1325: Canadian Hockey fans, I don't want to alarm you and there's no need to panic, but I've got some slight Sidney Crosby bad news. Sid "the Kid" took a slap shot off his shin during last night's NHL game for his Pittsburgh Penguins against Nashville Predators. The Canadian lynchpin winced in pain but finished his shift before burying his head in his hands on the bench and slamming his stick into the floor in apparent frustration. Canada's men open their Olympic campaign against Norway on Tuesday. And the Canadian nation very, very, very much expects.

Speed skating

1320: Canada will be hoping her experience of carrying the flag at the opening ceremony will inspire Clara Hughes to victory in the women's 3000m to add to her 5000m title from Turin. Czech skater Martina Sabilkova is favourite from Germany's Stephanie Beckert. Stay tuned and I'll bring you all the crucial action.
Luge

1310: Leader Felix Loch goes down first in run three. Second-placed man David Moeller is down next but lacks pace and finds himself more than half a second adrift at the bottom. Armin "The Animal" Zoeggeler follows but can't close the gap and remains third. The big man will have to really fly in the final run later on if he is to claim that third straight gold. USA 7-0 China, by the way.

HenryWhitfield on Twitter to @RobHodgetts (see entry at 1235): "Curling is HUGE over here in Canada, and we can only dream of a finals with Murdoch and Martin head to head again!"


Luge

1255: The men's lugers are all set for runs three and four. Germany's Felix Loch leads from countryman David Moeller with two-time champion Armin Zoeggeler back in third. The Italian is trying to emulate the great Georg Hackl in winning three straight Olympic titles but has it all to do today. Britain's Adam Rosen is lying 16th. I'll keep you smack up to date but also follow our live luge page.

If women's long-track speed skating is your bag, follow our
Women's ice hockey score update: USA 6-0 China.

Ice hockey

1245: USA 5-0 China after first period. "Hard work for the world champions but they have now worked out a way through the Chinese defence. More goals will surely follow," says BBC commentator Bob Ballard.

1240: Coming up at 1300 (2100 GMT) - men's luge final two runs from Whistler; women's 3000m speed skating.

1235: The American women go 5-0 up against China, still in the first period. Curling news, and British skip has something of a celebrity status in Canada, where it is a popular televised sport. As the British team were queuing up to get into the opening ceremony, one keen Canadian curling fan shouted out, "Hey, where's Murdoch?" He won't be so keen to see the Scottish maestro if Britain beat Canada on 20 February.

We have an anonymous text but it is so charming that we shall publish it anyway: "Happy Valentines to the Beeb Belles! Enjoyed Hazel's midnight feats: watch out for chilblains team! x"


1220: "When are Team GB going to have a good chance to win a medal", asks Simon from Nottingham. Simon, we reckon Zoe Gillings has Britain's first (outside) chance of a medal on Tuesday in the snowboard cross, if that event goes ahead on time, given the weather problems. Team GB would like three medals during the Games. The best ever haul is four. USA 2-0 China in the women's ice hockey.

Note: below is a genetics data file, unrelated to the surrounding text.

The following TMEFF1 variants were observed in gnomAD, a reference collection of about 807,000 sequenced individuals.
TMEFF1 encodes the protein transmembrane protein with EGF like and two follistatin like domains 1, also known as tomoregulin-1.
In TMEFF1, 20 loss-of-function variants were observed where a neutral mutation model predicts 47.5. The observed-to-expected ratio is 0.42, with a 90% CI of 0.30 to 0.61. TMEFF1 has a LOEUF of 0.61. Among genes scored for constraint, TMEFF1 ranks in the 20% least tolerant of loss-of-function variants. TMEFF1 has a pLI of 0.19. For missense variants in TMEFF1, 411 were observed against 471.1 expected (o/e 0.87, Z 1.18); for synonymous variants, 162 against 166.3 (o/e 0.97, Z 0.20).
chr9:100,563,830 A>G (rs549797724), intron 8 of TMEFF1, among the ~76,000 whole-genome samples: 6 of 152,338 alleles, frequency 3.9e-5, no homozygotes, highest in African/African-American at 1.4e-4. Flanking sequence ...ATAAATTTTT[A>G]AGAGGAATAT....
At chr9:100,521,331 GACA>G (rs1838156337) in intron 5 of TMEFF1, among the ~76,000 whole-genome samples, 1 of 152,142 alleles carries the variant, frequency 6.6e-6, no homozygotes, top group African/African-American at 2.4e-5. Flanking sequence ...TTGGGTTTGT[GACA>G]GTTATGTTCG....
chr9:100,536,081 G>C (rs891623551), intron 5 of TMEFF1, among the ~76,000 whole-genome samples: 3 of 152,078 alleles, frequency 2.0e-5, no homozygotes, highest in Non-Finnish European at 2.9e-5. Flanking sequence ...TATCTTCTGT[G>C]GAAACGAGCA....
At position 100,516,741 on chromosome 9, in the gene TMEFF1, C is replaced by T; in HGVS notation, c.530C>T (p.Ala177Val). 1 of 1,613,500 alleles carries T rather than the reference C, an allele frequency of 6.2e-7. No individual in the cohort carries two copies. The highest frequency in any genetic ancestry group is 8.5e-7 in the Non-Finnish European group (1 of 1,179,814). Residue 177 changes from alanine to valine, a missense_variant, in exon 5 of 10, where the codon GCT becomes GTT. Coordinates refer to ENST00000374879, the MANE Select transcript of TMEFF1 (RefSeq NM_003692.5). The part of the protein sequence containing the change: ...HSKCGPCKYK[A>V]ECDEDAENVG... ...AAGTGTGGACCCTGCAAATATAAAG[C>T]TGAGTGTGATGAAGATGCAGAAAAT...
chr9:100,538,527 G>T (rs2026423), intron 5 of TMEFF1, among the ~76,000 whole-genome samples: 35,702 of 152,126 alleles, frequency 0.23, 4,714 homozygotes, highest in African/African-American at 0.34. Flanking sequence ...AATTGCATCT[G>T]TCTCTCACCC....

Ice hockey

Women's score update: USA 1-0 China. I'll try to post goal updates, assuming the Americans do not go as crazy as the Canadians did against the Slovakians yesterday. If they do, you might have to go to our live ice hockey page.

Biathlon

1205: So as the stragglers come home, it's GOLD for France's Vincent Jay in the 10km sprint. Emil Hegle Svendsen of Norway takes silver, with Jacov Fak of Croatia third.

Ice hockey

1205: The USA v China women's hockey match has kicked off at the Thunderbird Arena. It's 0-0 still.



Biathlon

1200: Britain's Lee Jackson finishes three minutes behind the leader in 54th place. Still some skiers out on the course but France's Vincent Jay is looking good for gold with a time of 24.07 minutes. The camera pans to a man blowing an instrument in the crowd . "Ah, good work. Good hat, good horn, good beard," says BBC commentator Rob Walker.

Andrew in Cheshire texts: "I must say, the live results and standings service is absolutely amazing. I was using the BBC site all day yesterday, and following the biathlon now! Great new addition to an already marvellous service you provide. "

Biathlon

1155: Biathlon great Ole Einar Bjoerndalen crosses the line a disappointing 13th, ending his bid to win a 10th Olympic medal.

1150: Have you seen our sport-by-sport live action pages for the Winter Olympics? If we say so ourselves, they are pretty good. If you are reading this on what we call 'the high web' rather than a mobile phone browser, you can click 'results and schedule' underneath any of the sport names on the left-hand side of the Winter Olympics pages and track the action. You could follow the biathlon right now, for example.


Biathlon

1145: Frenchman Vincent Jay crosses the line in the lead as snow starts to dump down at Whistler. Leguellec's penalty loop has dropped him down the pack as Jay shot cleanly.


Freestyle skiing

1140: A bit of chat from British mogul skier Ellie Koyander's coach Pat Deneen. He said her Olympic debut in the moguls (she finished 24th) was an "important building block for Sochi Winter Olympics, in 2014, and I have no doubt whatsoever Ellie will be a podium contender in four years."


Biathlon

1135: Canada's Jean Philippe Leguellec is the early leader, as Ole Einar Bjoerndalen misses at the first shooting station and is forced into two penalties loop. But up ahead Leguellec then misses himself and also has to undertake a penalty loop.